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A crowd dances at a rave Saturday at the Bomb Factory in Dallas. Performers included Brillz, Kayzo, Slumberjack and Knife Party. 

Eat, sleep, rave, repeat.

Raves are concerts where people dance to electronic music played by a DJ, Wes Trimble said.

Trimble is the CEO and owner of the Dallas based marketing company Next Level Events.

“A rave is a place where people come together for different genres and dance the problems in their lives away,” said Ryan Slapion, Next Level Events promotions manager.

Trimble urged those who haven’t been to a rave before to stay open-minded.

“Raves are a lot of fun if you are with your friends — tons of energy, and people are usually super nice and friendly at them,” Trimble said.

Slapion and Trimble provided some safety tips and recommendations for new ravers to help them prepare for raves and get the most out of their experience.

Plan everything ahead, including who drives home, Trimble said. Back-up plans are always good just in case the driver decides they want to party, and Uber is an awesome resource to use, he said.

“Plan your night, have a designated driver, hydrate and eat before you go out,” Trimble said. “Raves usually get hot and sweaty, so prepare for that. Staying hydrated is number one.”

Bring cash, an ID, earplugs, sunscreen if the event is outside and a CamelBak (a backpack you can drink out of) when attending a rave, Slapion said.

Trimble recommended wearing a fanny pack to carry necessities.

There are some things girls specifically should be aware of at raves, and the buddy system helps them stay safe, Trimble said

“Stay with your friends,” he said. “Usually raves are pretty safe for girls, but there are always those people that get too drunk or out of control and get grabby.”

Slapion said the things girls need to look out for most are drugs, guys and drinks.

“Your friend can disappear in two seconds,” Slapion said. “Girls need to pay attention to their other girl friends.”

When planning events for Next Level Events, Slapion said safety is a factor, but all they can do is consider how much security they need and provide free water if it’s outside. Sometimes the bigger events, like Something Wonderful, have emergency technicians standing by.

Every event has different rules on what they do and do not allow in their venue.

“Make sure you look at the rules before you go,” Slapion said.

Not taking or buying unknown drinks and substances from random people is a good way to avoid being drugged, Slapion said. Common drugs that can be found at raves include molly, ecstasy, acid, mushrooms, Xanax and marijuana, he said.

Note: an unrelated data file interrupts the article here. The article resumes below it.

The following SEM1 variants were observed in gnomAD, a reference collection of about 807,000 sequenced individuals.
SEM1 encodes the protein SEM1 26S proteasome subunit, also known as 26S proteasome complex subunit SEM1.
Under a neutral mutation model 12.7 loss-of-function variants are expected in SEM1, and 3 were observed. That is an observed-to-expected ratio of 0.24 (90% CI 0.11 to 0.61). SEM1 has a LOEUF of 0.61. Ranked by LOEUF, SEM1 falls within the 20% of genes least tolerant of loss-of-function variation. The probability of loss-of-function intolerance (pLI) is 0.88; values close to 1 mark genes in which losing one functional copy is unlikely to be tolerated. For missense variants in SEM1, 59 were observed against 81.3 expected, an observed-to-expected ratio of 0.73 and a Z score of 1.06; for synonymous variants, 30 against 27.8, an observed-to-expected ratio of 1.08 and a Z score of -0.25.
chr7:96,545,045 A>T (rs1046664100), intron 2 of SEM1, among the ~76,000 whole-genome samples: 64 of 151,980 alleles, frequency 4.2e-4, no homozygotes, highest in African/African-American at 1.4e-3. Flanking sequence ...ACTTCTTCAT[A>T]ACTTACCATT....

“I know people do that a lot,” he said. “Someone will walk up to them and they’ll be like, ‘OK, I’ll take it,’”

Slapion said he believes drug use is a problem, especially because people often don’t know exactly what is in what they’re buying.

Drugs aren’t an issue specific to raves, but there is a prejudice against the rave community based on assumptions, Trimble said.

“I think the media likes to make it a major issue. Drugs and drinking are everywhere at every show with any genre of music,” he said. “No rave can prevent someone from taking something beforehand.”

Mechanical engineering sophomore Javier Garcia has been going to raves for four years.

“It’s a very vivid experience with very good vibes,” he said. “There’s a new generation thing where people feel real connected through this music.”

Slapion couldn’t define the rave scene because he said it differentiates too much based on the kind of music playing and the type of event.

“Everyone is dancing, they don’t even question it,” he said, describing a typical rave crowd.

Every artist and genre is different, Trimble said. People just find what kind of music makes them happy and stick with it.

“There is never a dull moment and the music takes you through a journey from going crazy to songs that are a little emotional,” he said.

The rave community is all about “PLUR,” which stands for “Peace, Love, Unity, Respect,” a raver’s motto.

Trading handmade, beaded bracelets called “kandi” is a tradition new ravers can look forward to, which is accompanied by a handshake representing “PLUR,” Trimble said.

“Trading kandi is awesome and a cool way to meet new people,” he said.

The first show someone attends is important because it leaves a first impression, and can determine how one feels about raves and whether or not they want to attend another one, Garcia said. He advocated attending a music festival as a first rave if given the opportunity.

“Club events at Lizard Lounge are a good start, or events at QuikTrip Park like Life in Color or Foam Wonderland,” Trimble said.

Those events bring another aspect to them rather than just a show, and there’s a theme everyone participates in.

“It’s an amazing experience,” Garcia said.

@kristiannamd

features-editor.shorthorn@uta.edu

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